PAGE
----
Japan sure loves its ghosts. Especially when they rake in lots of cash. Back in 1998 Hideo Nakata’s Ring became a worldwide phenomena, and faster than you can scream “banzai,” theaters were flooded with evil longhaired spooks again. One of the first films out the door was Shikoku, which was rushed out on a double-bill with the highly anticipated Ring 2.
The story concerns Hinako, a woman who returns to visit her childhood village on the island of (*drum roll*) Shikoku. Upon arrival, she learns that Sayori – her former best friend – drowned in the river many years ago. To make matters worse, ghosts suddenly begin popping up in the village and several people believe the long-dead Sayori to be behind the hauntings. As the town grows more frightened, it’s up to Hinako and her old friends to learn the island’s secrets and stop Sayori’s evil mother from making a reverse-pilgrimage that will trigger…
Aw, screw it.
How can you properly explain Shikoku when the filmmakers themselves can’t? While there are plenty of good ideas on the surface, this mixture of mystery, religion, and mythology is so inept, the whole thing crumbles under its own weight. It would be easy to blame this all on cultural differences, but the problems with this convoluted story stem more from horrible pacing, piss-poor exposition, and an over-complicated script. Amidst the lifeless direction, Shikoku also contains long stretches of inactivity. Wooden characters mope around and act tragic as they blandly go through the motions of clue hunting. The performances are equally dull, save for mega-babe Chiaki (Battle Royale, Kill Bill) Kuriyama, who delivers a few nice moments as the lead specter.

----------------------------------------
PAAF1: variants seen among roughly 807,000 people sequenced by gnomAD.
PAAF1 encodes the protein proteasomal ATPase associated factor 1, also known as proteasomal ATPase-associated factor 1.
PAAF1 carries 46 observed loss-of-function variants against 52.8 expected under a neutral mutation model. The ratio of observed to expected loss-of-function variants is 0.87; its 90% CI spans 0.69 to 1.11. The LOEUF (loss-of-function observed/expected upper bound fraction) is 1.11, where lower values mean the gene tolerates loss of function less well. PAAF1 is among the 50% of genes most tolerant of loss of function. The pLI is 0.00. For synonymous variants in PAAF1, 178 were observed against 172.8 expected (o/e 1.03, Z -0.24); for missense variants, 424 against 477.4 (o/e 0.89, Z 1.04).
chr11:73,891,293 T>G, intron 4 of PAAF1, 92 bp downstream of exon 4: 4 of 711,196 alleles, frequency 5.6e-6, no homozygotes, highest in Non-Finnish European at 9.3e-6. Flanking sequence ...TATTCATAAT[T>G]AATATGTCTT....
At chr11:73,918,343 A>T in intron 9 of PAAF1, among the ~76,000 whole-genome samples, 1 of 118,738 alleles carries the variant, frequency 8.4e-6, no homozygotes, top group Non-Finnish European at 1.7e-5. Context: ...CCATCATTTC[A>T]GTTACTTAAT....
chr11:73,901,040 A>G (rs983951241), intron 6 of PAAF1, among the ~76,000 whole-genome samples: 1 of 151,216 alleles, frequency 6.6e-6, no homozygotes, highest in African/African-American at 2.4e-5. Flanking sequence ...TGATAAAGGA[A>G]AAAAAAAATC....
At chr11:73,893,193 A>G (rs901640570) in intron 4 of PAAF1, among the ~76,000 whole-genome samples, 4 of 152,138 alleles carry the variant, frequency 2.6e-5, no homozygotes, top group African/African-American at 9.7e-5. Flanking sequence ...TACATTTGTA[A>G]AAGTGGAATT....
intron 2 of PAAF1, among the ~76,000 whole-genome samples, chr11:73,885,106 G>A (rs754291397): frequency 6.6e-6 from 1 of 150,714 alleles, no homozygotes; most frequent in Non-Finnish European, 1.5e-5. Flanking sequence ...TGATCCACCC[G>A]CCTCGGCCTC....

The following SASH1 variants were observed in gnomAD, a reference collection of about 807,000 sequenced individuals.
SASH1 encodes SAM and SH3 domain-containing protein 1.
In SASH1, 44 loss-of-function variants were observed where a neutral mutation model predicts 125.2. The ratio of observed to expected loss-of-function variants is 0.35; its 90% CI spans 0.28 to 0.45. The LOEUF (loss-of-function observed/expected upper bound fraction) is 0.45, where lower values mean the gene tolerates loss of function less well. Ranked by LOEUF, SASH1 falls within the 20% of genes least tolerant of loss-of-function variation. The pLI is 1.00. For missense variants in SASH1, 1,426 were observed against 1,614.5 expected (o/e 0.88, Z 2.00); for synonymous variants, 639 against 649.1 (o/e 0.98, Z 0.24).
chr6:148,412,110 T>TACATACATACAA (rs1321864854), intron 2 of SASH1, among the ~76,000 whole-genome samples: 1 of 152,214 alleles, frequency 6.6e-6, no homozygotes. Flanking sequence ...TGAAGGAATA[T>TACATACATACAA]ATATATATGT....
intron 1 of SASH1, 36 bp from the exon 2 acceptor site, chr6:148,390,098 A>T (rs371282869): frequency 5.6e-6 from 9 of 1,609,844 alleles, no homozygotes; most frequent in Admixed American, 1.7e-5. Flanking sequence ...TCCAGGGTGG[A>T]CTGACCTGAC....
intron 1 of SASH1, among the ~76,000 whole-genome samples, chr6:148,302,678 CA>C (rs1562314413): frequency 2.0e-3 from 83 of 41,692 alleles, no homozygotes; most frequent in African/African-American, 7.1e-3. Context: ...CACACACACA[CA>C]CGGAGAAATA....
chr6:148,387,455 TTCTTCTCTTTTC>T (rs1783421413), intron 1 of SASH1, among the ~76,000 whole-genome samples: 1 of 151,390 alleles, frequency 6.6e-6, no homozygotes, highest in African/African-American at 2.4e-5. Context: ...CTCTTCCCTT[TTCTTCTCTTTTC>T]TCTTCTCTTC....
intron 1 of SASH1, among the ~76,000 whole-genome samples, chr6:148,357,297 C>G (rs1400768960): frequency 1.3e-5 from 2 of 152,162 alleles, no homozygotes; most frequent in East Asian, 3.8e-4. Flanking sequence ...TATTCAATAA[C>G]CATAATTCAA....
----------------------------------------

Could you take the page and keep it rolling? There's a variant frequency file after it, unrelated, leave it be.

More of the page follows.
Which leads us to the ghosts themselves: You would think that a story full of angry Japanese spirits would contain a high creep-out factor. Not here. Director Shunichi Nagasaki tries desperately to imitate Ring’s subtlety but only succeeds in creating totally ineffectual scares. To add insult to injury, the entire thing climaxes with a sappy “romance from beyond the grave” ending that would cause Steven Spielberg to gag.
The only real strength in Shikoku lies within…well, Shikoku. The overcast island locale is absolutely stunning and lends the film an atmosphere it doesn’t really deserve. The rickety villages, ancient shrines, and dark caverns give off a creepy Lovecraftian vibe while making you wish they were used in a better film.
Shikoku is a movie that wants to be many things but ultimately fails in every department. Since Hollywood has taken upon itself to remake just about all the good Asian horrors, maybe they should give this one a spin as well. It certainly wouldn’t hurt.
Directed by Shunichi Nagasaki
Starring Yui Natsukawa, Michitaka Tsutsui, Chiaki Kuriyama, Toshie Negishi, Ren Osugi
“Making Of” featurette
2 out of 5